|Next Page||Prev Page||Main Index||Home|
The problem is information. How to acquire, validate, store, analyze
and distribute information within a distributed network. Lots
of little pockets of information held by different people with
different needs and goals. All points outside the network and
random points inside the network must be assumed hostile. Add
this to nodes in the network playing a constant game of hide-and-seek,
and you have a problem no conventional DBMS can solve. Whether
this is a military or corporate battle field the problems are
MPbase has several unique characteristics that make it
ideal for this very challenging environment. In a traditional
DBMS, the functions listed above (acquire, etc.) are largely separate.
Each part of the solution using different methods and tools. With
MPbase all of the information handling requires only one
tool, MPbase. There is no one-to-one correspondence between
features and the required functions. Instead the problems are
solved by the way MPbase deals with the information itself.
First, the content addressable memory schema allows for distributed
acquisition, validation and analysis. As an example, each field
node could contain the data for X hundred yards in any direction.
The holder of this node can now add to, or correct, information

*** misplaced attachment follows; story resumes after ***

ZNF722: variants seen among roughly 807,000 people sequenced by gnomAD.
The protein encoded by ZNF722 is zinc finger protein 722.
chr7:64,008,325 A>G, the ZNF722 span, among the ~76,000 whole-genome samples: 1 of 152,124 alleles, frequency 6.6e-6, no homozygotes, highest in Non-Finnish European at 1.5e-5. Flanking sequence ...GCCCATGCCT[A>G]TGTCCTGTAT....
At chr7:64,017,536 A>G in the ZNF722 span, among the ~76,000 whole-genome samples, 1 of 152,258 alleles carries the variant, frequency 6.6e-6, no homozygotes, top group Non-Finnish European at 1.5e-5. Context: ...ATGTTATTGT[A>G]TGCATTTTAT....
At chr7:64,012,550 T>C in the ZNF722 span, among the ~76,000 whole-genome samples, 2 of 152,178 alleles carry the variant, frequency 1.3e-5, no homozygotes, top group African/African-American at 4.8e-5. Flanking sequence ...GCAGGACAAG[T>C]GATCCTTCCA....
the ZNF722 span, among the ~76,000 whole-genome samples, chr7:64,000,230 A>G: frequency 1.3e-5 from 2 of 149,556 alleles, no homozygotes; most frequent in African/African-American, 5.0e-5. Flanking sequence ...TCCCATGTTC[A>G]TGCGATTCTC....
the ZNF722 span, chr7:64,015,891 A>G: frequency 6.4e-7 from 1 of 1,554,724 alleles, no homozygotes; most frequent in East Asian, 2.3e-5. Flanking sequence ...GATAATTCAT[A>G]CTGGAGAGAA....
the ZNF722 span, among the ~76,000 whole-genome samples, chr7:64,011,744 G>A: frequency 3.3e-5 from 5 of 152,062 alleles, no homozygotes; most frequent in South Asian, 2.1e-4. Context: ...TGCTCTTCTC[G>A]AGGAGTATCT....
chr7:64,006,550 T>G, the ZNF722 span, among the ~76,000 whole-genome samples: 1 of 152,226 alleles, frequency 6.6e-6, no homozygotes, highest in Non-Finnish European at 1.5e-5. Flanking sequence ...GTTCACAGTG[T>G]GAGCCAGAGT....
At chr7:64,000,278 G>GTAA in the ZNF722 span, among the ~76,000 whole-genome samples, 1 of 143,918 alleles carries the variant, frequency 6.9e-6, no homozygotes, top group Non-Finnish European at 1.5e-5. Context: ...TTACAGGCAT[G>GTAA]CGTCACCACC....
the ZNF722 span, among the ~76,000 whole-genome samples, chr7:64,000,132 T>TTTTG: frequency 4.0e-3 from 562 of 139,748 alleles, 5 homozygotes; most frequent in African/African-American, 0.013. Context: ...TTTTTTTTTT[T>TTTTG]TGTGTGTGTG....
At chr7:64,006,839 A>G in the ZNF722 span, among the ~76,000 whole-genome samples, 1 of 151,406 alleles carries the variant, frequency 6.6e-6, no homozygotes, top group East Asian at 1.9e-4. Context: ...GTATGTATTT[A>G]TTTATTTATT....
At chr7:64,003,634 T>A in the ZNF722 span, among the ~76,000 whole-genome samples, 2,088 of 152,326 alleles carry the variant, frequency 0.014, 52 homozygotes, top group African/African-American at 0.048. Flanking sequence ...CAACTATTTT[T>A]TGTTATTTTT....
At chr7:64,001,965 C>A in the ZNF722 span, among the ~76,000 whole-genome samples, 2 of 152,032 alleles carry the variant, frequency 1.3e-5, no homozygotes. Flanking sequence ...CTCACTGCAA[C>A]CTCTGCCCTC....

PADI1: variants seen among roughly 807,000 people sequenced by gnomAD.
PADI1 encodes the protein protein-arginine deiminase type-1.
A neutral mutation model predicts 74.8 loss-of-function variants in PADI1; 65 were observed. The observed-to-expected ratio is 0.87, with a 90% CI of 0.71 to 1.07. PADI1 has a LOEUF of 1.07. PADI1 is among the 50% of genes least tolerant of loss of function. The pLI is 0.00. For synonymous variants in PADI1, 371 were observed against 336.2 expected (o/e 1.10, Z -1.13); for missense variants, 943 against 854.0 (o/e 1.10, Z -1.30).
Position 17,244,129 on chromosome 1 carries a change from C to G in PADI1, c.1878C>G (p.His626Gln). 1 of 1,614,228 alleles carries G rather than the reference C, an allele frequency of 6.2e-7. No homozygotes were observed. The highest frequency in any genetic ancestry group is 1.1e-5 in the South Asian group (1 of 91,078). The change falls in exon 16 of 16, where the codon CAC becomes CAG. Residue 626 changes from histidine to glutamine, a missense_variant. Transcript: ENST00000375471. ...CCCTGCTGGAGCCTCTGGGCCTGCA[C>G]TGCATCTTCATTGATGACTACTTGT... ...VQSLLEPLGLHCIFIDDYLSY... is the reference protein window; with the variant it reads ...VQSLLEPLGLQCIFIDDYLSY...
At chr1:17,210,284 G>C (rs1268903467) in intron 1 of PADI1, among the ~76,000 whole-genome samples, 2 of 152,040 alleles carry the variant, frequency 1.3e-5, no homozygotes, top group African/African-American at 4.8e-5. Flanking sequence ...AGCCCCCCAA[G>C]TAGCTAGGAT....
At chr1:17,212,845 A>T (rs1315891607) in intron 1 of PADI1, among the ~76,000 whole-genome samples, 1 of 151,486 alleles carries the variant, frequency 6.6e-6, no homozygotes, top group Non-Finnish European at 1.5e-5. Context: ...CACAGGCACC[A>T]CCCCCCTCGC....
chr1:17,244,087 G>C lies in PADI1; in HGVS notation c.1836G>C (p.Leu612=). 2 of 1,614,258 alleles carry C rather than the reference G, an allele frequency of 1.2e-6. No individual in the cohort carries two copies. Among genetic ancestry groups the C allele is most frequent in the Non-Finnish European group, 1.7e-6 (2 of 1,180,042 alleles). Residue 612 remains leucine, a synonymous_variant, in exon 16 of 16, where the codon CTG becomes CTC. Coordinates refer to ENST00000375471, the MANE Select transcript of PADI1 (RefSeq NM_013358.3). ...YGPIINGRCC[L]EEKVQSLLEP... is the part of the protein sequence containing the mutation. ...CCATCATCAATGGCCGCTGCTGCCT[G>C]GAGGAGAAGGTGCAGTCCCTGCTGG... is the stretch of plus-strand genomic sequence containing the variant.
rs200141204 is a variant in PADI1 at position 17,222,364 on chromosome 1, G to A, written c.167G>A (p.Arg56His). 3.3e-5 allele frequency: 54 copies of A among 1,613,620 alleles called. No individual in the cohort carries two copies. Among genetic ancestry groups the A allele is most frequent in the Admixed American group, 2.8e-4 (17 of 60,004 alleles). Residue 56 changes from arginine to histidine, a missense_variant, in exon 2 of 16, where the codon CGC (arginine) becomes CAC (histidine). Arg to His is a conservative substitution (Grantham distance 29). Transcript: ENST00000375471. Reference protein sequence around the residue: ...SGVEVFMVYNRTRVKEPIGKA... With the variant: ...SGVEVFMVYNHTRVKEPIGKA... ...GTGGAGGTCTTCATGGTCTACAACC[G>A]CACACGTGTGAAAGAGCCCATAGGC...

about this area in the networked knowledge base. Many such overlapping
circles of information can exist in a single MPbase without
creating any problems.
Second, each MPbase is already made up of many little TCP/IP
connected databases. In the phone book demo alone there are over
80,000. Small sets of these databases can live in network-connected
laptops, palm tops, or backpacks. These little DBs can be moved
around "at will" without confusing MPbase.
Third, encryption can be used at the lowest level of the DB. This
after a compression that is a good encryption by itself. Because
the search engine works on the compressed buffer directly, "plain
text" need never exist outside of the final result set.
Fourth, an MPbase can be configured as a fault-tolerant
hierarchy of information. This allows the best available information
to be used in all decisions. The best source is a node at the
site. The next best, is the node real-time synched at last contact.
Next, a local interconnect. Last of all, a system wide interconnect.
With MPbase this real world environment is no problem.
The natural information-based clustering found in MPbase
makes short work of this information-based problem. Every MPbase
already calls this type of complex networked environment home.
In short, with MPbase this nasty real world environment and problem are no problem.
|Next Page||Prev Page||Main Index||Home||© 1998-2004 NPSI|